"The point of the law is every child learning, not adding needless
bureaucratic red tape," said Susan Aspey, a department spokeswoman.
"They never put anything in writing," said Whitmore. "You go back and forth
The federal report noted problems with inaccurate data at all levels, a lag
between when students are tested and when their schools learn the results,
and discrepancies in the way states measure achievement.
"Bad data is a major problem," said Merrill Vargo, director of the Bay Area
School Reform Coalition. "It's never sexy to invest in the data system, but
the fact of the matter is, it's crucial."
"It's no secret that not everybody has been equally enthusiastic about this
piece of legislation," she said.
But she cautioned that the report's criticisms don't invalidate the law's
"You can't throw the baby out with the bath water."
After one round of testing, the report said, many schools don't have time
to react, launch improvement programs or offer federally mandated transfers
to students before another school year begins and they must prepare for the
next round of testing.
This year, for instance, many East Bay parents did not get their children's
spring 2004 test results until late last month due to software and printing
Jessica Molina, a parent at Oak Grove Middle School in Concord, berated Mt.
Diablo school officials about the delay at a school board meeting this
week. Her child's school failed to make "Adequate Yearly Progress" under No
Child Left Behind for the second year in a row, but she didn't find out
until school had already started, she said.
Among states, the variation in academic expectations -- the ways student
achievement is measured -- made for alarming comparisons.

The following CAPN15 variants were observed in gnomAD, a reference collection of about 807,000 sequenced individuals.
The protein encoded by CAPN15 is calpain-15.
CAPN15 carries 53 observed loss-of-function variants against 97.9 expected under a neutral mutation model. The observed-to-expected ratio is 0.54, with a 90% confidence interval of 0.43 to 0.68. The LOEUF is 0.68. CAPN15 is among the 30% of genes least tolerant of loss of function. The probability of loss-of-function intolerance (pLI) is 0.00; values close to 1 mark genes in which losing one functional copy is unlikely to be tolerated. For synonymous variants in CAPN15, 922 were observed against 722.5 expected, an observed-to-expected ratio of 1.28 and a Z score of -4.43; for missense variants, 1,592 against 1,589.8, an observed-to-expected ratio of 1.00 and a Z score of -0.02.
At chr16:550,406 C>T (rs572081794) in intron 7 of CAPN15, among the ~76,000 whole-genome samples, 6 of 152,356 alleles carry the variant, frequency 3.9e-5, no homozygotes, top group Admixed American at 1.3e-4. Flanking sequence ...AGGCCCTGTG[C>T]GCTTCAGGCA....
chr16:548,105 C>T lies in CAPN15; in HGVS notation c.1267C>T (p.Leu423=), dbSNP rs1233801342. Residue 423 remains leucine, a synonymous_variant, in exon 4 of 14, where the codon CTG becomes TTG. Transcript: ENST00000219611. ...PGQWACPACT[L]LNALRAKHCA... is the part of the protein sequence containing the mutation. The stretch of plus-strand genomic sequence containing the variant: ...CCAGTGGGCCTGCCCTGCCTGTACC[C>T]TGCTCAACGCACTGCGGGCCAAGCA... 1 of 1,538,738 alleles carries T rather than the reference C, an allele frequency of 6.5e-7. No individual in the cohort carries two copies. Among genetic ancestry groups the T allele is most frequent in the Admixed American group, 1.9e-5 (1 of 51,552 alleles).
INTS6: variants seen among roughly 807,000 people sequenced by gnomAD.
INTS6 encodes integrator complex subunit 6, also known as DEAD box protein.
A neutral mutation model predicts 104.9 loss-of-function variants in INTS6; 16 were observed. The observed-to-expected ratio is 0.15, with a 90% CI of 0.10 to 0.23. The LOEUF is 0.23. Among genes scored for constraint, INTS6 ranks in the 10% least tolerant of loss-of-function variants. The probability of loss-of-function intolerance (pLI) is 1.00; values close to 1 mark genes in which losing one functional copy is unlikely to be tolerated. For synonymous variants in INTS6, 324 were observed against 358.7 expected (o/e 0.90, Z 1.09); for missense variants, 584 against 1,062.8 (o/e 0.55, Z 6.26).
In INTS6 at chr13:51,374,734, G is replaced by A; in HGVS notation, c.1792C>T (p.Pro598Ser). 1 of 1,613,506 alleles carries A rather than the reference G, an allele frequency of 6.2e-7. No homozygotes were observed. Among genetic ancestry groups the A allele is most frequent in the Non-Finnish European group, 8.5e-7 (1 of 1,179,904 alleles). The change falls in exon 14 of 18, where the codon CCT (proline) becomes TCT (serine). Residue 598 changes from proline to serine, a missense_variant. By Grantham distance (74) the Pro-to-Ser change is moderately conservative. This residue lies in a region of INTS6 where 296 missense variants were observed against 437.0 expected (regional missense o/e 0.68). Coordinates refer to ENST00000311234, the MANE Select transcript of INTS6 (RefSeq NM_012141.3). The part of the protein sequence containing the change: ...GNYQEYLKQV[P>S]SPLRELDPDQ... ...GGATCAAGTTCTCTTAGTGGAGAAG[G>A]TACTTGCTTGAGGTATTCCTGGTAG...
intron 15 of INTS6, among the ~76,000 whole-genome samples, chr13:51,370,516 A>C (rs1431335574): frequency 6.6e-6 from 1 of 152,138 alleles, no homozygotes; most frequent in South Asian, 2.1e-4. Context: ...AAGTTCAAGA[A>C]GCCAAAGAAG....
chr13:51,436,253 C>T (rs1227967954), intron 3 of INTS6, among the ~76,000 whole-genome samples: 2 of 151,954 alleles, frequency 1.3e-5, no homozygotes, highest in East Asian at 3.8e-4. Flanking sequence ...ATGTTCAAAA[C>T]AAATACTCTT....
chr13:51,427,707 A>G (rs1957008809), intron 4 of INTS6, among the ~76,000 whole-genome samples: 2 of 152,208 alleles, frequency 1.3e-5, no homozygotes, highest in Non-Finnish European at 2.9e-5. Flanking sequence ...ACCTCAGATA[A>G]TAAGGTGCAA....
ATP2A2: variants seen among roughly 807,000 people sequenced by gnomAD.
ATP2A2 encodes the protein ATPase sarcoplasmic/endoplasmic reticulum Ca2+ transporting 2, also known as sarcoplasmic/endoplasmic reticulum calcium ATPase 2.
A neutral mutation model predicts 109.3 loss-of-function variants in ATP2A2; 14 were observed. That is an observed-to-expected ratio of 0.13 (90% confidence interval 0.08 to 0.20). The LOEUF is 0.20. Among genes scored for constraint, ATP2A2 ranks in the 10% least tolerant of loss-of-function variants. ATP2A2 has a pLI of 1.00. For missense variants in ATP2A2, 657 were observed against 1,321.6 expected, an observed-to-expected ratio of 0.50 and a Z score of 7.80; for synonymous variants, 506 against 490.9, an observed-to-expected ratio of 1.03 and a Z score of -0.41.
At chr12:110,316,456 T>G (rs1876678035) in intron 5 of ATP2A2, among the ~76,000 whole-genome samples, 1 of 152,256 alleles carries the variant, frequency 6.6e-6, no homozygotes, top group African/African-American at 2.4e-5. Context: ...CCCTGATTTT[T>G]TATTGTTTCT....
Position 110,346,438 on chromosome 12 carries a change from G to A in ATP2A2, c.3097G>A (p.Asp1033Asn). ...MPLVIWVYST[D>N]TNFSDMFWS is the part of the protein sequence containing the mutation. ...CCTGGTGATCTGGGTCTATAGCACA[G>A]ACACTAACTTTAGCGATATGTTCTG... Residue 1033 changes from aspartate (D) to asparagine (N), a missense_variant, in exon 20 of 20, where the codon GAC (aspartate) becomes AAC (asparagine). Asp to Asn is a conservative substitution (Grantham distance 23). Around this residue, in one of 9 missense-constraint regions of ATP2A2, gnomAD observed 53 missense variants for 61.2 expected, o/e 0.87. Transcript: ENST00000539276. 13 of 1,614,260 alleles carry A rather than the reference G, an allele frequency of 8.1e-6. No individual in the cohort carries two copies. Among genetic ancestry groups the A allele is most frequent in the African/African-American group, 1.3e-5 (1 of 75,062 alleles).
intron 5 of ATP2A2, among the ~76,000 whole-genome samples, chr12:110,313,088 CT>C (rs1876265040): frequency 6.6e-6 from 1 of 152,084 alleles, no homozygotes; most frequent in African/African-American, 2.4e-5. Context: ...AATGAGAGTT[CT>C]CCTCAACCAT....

In California schools, 14 percent of elementary-age students were expected
to meet the state's benchmark for reading proficiency in 2002-03.
Colorado's figure was 78 percent. But those numbers don't tell the whole
story, said California's Rick Miller.
"They don't look at what our standards are. They're the gold standard," he
said. "Proficiency in California is a much higher bar than other states.
That's been one of the biggest concerns. It looks like we're falling
behind, when in fact we're leading with what we expect our children to know."
"It's exactly what I've been saying all year," said Assemblywoman Loni
Hancock, D-Berkeley. "It's apples and oranges. We ought to all be using the
same measuring rod."
Assemblyman Guy Houston, R-Livermore, agreed that state and federal
education authorities need to work together.
"Certainly, California can't afford to lose any education dollars, so we
need to work with the federal government," Houston said.
Reach Jackie Burrell at 925-977-8568 or jburrell@...
WHAT: UC Berkeley forum on "No Child Left Behind" legislation and how it
affects Bay Area families and schools
WHEN: 7 p.m. Wednesday, Oct. 6
WHERE: UC Berkeley, Valley Life Sciences Building, Room 2040. Campus map
available online at www.berkeley.edu/map/.